Illinois March 6th 1839
Brethren and Joseph,
Having an opportunity to send a line to you, I do not feel disposed to let it slip unnoticed. ’s family have all arrived in this , except you two, And could I but see your faces, this side of the , and know and realize that you had been delivered from your enemies, it would certainly light up a new gleam of hope in our bosoms; nothing could be more satisfactory, nothing could give us more joy.
and Children are well, they live three miles from here, and have a tolerable good place. ’s children and mother Grinolds are living at present with ; they are all well, Mary [Fielding Smith] has not got her health yet, but I think it increases slowly. She lives in the house with old Father Dixon, likewise and family; they are probably a half mile from ’s; we are trying to get a house, and to get the family together, we shall do the best we can for them, and that which we consider to be most in concordance with ’s feelings. One thing I would say (not however to the disrespect of ) which is that this, the family would do better without her than with her; which I am confident you will regulate when you come. One reason for so saying, is that I do not think that she is a suitable person to govern the family. and stood their jour ney remarkably, they are in tolerable health, ’s has been sick ever since they arrived, has removed 40 miles from here, but is here now, and says he is anxious to have you liberated, and see you enjoy liberty once more. My family is well, my health has not been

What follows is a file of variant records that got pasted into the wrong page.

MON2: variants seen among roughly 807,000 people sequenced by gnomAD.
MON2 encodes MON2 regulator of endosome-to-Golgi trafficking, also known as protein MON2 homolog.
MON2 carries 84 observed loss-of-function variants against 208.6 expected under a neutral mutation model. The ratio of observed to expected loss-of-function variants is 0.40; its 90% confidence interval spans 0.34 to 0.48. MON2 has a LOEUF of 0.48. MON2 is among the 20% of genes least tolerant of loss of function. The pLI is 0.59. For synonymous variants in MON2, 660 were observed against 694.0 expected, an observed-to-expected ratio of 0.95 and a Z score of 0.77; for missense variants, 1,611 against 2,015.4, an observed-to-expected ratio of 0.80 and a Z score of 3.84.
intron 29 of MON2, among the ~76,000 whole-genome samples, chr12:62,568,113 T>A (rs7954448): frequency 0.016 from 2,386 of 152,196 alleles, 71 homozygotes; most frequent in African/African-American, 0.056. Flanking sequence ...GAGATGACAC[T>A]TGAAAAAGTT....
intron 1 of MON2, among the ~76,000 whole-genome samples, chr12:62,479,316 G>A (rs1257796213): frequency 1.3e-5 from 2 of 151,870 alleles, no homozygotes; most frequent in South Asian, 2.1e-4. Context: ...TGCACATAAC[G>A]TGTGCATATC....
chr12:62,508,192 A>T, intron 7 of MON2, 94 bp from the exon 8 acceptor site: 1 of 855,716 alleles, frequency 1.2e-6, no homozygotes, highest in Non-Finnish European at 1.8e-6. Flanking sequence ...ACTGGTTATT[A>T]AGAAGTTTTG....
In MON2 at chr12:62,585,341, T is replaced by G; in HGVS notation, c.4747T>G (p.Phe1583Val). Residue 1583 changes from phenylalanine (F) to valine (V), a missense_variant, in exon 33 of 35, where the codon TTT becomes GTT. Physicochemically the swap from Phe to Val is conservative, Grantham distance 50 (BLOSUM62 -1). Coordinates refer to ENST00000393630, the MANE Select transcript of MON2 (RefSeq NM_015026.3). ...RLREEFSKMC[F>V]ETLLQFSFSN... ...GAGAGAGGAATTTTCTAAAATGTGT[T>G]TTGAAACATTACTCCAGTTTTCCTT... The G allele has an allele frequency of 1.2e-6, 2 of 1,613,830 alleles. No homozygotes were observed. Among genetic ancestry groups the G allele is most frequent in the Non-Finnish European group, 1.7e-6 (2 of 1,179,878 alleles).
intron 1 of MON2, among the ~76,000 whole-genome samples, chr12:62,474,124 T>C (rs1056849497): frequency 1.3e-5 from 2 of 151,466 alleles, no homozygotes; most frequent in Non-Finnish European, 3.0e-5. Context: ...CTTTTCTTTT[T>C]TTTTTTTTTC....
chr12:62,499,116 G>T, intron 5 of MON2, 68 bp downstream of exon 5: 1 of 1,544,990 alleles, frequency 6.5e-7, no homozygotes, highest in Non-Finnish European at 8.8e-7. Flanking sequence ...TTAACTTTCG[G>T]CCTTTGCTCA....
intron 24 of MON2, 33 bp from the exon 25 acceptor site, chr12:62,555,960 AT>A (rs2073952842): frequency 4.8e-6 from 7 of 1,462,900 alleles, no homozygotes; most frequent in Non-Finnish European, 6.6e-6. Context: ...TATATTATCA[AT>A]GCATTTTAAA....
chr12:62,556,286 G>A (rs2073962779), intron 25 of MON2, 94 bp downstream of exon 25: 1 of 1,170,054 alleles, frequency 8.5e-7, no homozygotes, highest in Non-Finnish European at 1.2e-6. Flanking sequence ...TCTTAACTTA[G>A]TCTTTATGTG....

good for about two weeks, and for 2 or 3 days the toothache has been my tormentor. It all originated from a severe cold.
Dear Brethren, we just heard that the says that he is a going to set you all at liberty; I hope it’s true, other letters that you will probably recieve, will give you information concerning the warm feeling of the people here towards us, After writing these hurried lines in misery I close by leaving the Blessings of God with you—, and praying for your health, prosperity and restitution to liberty. This from a true friend and brother.
J, Smith Jr, .
I should have called down to to have seen you, had it not have been for the multiplicity of business that was on my hands & again I thought perhaps that the people might think [p. 38]